Ryan Lisabeth has received “threats on his life” since he was charged with driving under the influence of heroin and smashing his car into three boys in Northwest Atlanta, allegedly killing one, his attorney said in a court hearing Monday.
Ashleigh Merchant said her client has been moved to solitary confinement at the Fulton County Jail for his protection. The threats came after Fulton County District Attorney Paul Howard told the news media that his office was investigating whether Lisabeth should face a more severe charge, Merchant said. Howard told The Atlanta Journal-Constitution he is looking into whether Lisabeth intentionally drove up on the sidewalk where the three boys were standing near Joseph E. Boone Boulevard and Mayson Turner Road.
“Since that happened he has had a number of threats on his life,” Merchant told Fulton County Superior Court Judge Shukura Ingram Millender. “He has actually had to be moved into protective custody to the point where he… has absolutely no human interaction whatsoever.”
Merchant asked the judge for Lisabeth to be released on bond into a treatment facility, perhaps in Alpharetta, saying it was not safe for him in the Fulton jail.
“Not just the inmates but the guards as well,” she said, referring to unspecified “comments” that have been directed toward Lisabeth since Howard spoke to the news media. “He has been placed in solitary for his own protection because they heard the threats. They have determined that there is an issue there.”
A spokeswoman for the Fulton jail had no immediate comment Monday.
Pete Johnson, Fulton’s deputy district attorney, objected to allowing Lisabeth to be released on bond, citing his extensive criminal record. He said Lisabeth has two DUI convictions — one in Cherokee County from 2010 and one in Canton from 2007 — on his record, not three as was reported in court last month. Lisabeth, however, was found not guilty of a DUI charge in Fulton State Court in March.
“If this defendant is allowed to be on bond,” Johnson said, “it is not a matter of if. It is a matter of when he will use drugs again and get behind the wheel and kill someone else, maybe himself or others — other children, other adults.
Millender denied bond for Lisabeth but scheduled a May 10 court hearing to determine if he should be detained somewhere other than the Fulton jail.
Wearing an impassive expression and a blue jail uniform, Lisabeth chatted quietly with Merchant and paid close attention to the hearing. He is facing multiple charges in the April 15 incident, including vehicular homicide in the first degree, driving under the influence of heroin and possession of heroin. He allegedly injected heroin minutes before his 2009 Red Toyota Corolla struck the three boys, a police report shows.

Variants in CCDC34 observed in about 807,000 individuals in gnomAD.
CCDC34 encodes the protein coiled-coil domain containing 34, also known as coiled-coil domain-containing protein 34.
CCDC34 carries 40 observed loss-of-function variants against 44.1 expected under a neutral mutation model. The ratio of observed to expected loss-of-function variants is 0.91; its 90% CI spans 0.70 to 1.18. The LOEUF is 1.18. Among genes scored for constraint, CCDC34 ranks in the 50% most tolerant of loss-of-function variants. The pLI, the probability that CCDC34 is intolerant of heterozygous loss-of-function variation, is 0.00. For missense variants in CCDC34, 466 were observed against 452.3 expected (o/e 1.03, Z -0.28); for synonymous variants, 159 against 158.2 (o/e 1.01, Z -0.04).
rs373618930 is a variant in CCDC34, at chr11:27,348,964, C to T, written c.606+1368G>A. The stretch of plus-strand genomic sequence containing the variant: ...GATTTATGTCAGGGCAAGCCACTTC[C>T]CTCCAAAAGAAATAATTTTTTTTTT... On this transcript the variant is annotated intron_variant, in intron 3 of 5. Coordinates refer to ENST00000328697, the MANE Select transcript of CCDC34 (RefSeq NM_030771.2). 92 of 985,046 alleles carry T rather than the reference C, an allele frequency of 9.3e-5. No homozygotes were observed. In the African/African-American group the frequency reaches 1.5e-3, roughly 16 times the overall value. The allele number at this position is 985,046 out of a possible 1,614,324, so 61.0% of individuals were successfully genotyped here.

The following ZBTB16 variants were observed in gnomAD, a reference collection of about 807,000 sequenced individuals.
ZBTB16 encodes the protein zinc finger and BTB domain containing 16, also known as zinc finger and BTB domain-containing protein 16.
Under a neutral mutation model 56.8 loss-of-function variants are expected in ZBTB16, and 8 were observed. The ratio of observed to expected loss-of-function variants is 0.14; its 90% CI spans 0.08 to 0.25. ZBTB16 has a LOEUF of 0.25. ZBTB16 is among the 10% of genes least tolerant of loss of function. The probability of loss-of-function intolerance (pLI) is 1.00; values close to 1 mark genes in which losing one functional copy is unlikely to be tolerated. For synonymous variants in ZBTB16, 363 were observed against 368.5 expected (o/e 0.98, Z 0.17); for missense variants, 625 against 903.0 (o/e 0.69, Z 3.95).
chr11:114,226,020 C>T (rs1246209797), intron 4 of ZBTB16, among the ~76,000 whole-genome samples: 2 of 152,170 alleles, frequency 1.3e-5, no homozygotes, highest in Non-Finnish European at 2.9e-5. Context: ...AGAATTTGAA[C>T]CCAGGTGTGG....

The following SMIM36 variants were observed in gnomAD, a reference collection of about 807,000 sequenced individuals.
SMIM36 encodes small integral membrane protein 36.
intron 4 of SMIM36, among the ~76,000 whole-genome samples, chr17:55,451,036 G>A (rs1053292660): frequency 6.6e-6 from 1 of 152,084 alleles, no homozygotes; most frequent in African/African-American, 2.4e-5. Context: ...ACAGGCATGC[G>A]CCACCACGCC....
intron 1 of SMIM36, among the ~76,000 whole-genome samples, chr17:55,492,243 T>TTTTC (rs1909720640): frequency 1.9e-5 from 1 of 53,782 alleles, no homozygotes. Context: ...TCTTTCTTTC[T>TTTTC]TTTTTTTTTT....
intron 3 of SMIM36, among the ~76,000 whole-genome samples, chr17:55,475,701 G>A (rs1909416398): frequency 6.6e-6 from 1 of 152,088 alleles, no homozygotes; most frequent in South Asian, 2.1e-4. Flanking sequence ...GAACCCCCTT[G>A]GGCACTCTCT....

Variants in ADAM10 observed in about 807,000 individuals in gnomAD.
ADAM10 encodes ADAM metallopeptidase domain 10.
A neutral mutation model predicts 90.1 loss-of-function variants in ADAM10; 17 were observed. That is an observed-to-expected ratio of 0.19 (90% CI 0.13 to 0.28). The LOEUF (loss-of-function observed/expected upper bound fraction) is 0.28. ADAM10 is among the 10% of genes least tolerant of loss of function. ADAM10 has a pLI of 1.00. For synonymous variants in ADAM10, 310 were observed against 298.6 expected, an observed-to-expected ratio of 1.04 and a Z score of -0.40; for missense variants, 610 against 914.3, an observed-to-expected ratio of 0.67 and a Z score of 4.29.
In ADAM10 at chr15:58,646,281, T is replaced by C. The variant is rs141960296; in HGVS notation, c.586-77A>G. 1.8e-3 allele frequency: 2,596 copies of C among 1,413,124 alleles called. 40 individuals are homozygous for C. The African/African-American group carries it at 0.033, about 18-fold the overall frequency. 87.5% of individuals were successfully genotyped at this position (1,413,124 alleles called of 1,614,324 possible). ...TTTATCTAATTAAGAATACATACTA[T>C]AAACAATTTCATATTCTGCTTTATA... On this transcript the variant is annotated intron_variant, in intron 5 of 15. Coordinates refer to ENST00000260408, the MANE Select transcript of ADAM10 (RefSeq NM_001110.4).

Also in Monday’s court hearing, a police officer who investigated the accident scene said a syringe and a bag of heroin were found in Lisabeth’s car. Senior Patrol Officer Tom Gleason said Lisabeth was unresponsive and his car was locked after he crashed it into two vehicles and the boys. Authorities, Gleason said, had to smash his window to open his door and then they pulled him out of the car. After he was detained, Gleason said Lisabeth told him he bought the heroin somewhere nearby off Joseph E. Boone Boulevard.
“He began to tell me he had come down to the area to purchase drugs,” Gleason said. “He had been clean for some time, relapsed, was attempting to get clean again and he just felt like he needed something to help him sleep. He had purchased some heroin and… he had shot up at 6:45 just prior to getting into his vehicle and driving.”
Lisabeth’s parents, David and Debbie, sat in the second row, observing their son.
“Our hearts are going out to the families of the children,” Debbie Lisabeth said. “We are praying for everybody.”
Last week, friends and family held a heavily attended funeral service for Isaiah Ward, 9, who was killed in the crash. His older brother, 11-year-old Roland, suffered a broken pelvis and a broken leg. A friend, Timothy Hood, 13, recently came out of a coma and is recovering from a broken leg at Scottish Rite Hospital in Atlanta, said his mother, Teresa Lawrence, who attended Monday’s hearing. Like the Ward family, Lawrence is now working with a private attorney. She said her son could face a year of rehabilitation once he is released from the hospital, given a brain injury he sustained.
“My son is fighting and there is nothing I can do,” she said. “I am changing his Pampers. I am looking at him and he is barely responding. But he is holding on and that gives me hope.”
Asked about Lisabeth’s fate, she said she had no mercy for him.
“I want the full justice done to him,” she said. “It needs to be.”
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